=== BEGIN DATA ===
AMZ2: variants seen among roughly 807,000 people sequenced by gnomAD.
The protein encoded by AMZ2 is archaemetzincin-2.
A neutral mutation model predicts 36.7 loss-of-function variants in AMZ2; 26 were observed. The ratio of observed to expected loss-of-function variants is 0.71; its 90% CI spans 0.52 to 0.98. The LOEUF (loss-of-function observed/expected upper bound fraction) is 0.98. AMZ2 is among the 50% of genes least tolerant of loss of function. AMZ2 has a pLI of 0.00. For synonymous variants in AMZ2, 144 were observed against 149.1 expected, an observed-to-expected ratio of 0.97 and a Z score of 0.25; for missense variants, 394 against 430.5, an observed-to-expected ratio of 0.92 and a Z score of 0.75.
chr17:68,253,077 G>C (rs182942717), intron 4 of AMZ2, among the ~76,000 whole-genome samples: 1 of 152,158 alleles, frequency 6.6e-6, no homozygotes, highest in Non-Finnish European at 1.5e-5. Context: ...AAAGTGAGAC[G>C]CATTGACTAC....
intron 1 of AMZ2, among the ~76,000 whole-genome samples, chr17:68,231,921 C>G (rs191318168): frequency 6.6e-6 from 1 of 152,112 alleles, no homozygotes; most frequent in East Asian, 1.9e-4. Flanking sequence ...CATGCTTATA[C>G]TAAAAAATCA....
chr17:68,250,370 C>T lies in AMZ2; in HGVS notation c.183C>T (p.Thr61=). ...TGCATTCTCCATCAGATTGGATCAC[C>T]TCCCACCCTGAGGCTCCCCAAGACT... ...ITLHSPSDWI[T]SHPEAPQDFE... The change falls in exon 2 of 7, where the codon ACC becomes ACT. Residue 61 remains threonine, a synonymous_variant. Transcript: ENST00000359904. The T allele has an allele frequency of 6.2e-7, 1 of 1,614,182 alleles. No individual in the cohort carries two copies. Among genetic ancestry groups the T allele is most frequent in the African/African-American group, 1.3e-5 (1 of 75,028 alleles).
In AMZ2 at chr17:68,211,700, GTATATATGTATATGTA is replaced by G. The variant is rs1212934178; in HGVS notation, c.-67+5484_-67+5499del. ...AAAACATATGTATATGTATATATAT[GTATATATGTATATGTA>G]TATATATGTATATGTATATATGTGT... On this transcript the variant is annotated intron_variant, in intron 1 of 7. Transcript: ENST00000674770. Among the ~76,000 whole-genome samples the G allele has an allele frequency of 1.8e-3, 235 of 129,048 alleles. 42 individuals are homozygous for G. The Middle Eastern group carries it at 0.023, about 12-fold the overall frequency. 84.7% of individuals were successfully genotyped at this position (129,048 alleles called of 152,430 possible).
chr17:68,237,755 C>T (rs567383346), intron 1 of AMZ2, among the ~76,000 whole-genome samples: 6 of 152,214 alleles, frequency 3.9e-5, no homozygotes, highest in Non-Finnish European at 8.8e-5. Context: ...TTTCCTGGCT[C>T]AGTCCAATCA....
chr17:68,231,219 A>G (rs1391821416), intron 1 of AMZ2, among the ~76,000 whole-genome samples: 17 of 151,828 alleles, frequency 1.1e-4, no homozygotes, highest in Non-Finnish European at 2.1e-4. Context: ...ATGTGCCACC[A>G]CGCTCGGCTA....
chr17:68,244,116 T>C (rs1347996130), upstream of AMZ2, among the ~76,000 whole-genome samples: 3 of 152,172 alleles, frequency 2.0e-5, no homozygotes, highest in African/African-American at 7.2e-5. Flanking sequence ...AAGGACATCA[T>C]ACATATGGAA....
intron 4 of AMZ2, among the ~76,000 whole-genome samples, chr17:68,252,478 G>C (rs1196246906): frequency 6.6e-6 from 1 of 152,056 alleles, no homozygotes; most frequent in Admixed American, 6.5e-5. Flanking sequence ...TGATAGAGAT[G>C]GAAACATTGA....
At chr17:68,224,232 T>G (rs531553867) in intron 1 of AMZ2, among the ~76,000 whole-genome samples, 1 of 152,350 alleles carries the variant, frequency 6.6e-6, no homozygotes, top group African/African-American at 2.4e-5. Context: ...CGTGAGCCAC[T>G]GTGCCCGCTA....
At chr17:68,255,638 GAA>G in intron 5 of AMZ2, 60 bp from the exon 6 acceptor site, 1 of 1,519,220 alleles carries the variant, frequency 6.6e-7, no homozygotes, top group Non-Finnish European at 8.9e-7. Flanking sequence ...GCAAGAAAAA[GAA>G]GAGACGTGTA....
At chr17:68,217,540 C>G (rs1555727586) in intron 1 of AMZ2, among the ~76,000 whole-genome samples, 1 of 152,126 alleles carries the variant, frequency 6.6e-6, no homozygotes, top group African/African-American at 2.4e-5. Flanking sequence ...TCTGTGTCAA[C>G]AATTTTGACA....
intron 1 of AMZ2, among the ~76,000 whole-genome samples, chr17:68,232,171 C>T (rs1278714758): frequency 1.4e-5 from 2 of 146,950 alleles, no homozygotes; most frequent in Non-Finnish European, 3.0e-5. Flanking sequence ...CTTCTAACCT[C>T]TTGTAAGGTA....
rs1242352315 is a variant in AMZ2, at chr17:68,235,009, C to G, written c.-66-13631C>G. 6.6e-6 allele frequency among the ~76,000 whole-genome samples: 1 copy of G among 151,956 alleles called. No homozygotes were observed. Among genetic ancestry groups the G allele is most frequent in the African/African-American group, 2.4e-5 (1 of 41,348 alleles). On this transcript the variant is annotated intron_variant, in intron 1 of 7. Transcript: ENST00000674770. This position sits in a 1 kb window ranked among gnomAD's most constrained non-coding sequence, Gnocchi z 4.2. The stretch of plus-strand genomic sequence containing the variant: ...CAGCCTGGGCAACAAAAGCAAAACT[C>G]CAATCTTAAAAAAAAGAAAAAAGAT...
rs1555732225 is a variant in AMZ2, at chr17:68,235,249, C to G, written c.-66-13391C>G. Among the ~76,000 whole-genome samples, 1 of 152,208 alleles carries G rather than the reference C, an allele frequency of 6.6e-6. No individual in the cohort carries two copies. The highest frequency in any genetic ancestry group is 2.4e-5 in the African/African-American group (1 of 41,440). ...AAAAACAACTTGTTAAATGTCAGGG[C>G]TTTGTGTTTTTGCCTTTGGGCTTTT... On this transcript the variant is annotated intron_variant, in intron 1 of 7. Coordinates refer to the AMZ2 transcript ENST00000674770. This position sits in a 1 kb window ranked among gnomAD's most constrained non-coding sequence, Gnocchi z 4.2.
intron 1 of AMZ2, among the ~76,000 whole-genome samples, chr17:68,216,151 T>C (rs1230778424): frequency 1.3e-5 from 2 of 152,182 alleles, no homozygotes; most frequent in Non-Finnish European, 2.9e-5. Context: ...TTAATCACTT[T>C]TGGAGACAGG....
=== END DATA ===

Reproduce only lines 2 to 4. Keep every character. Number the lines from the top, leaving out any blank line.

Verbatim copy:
The protein encoded by AMZ2 is archaemetzincin-2.
A neutral mutation model predicts 36.7 loss-of-function variants in AMZ2; 26 were observed. The ratio of observed to expected loss-of-function variants is 0.71; its 90% CI spans 0.52 to 0.98. The LOEUF (loss-of-function observed/expected upper bound fraction) is 0.98. AMZ2 is among the 50% of genes least tolerant of loss of function. AMZ2 has a pLI of 0.00. For synonymous variants in AMZ2, 144 were observed against 149.1 expected, an observed-to-expected ratio of 0.97 and a Z score of 0.25; for missense variants, 394 against 430.5, an observed-to-expected ratio of 0.92 and a Z score of 0.75.
chr17:68,253,077 G>C (rs182942717), intron 4 of AMZ2, among the ~76,000 whole-genome samples: 1 of 152,158 alleles, frequency 6.6e-6, no homozygotes, highest in Non-Finnish European at 1.5e-5. Context: ...AAAGTGAGAC[G>C]CATTGACTAC....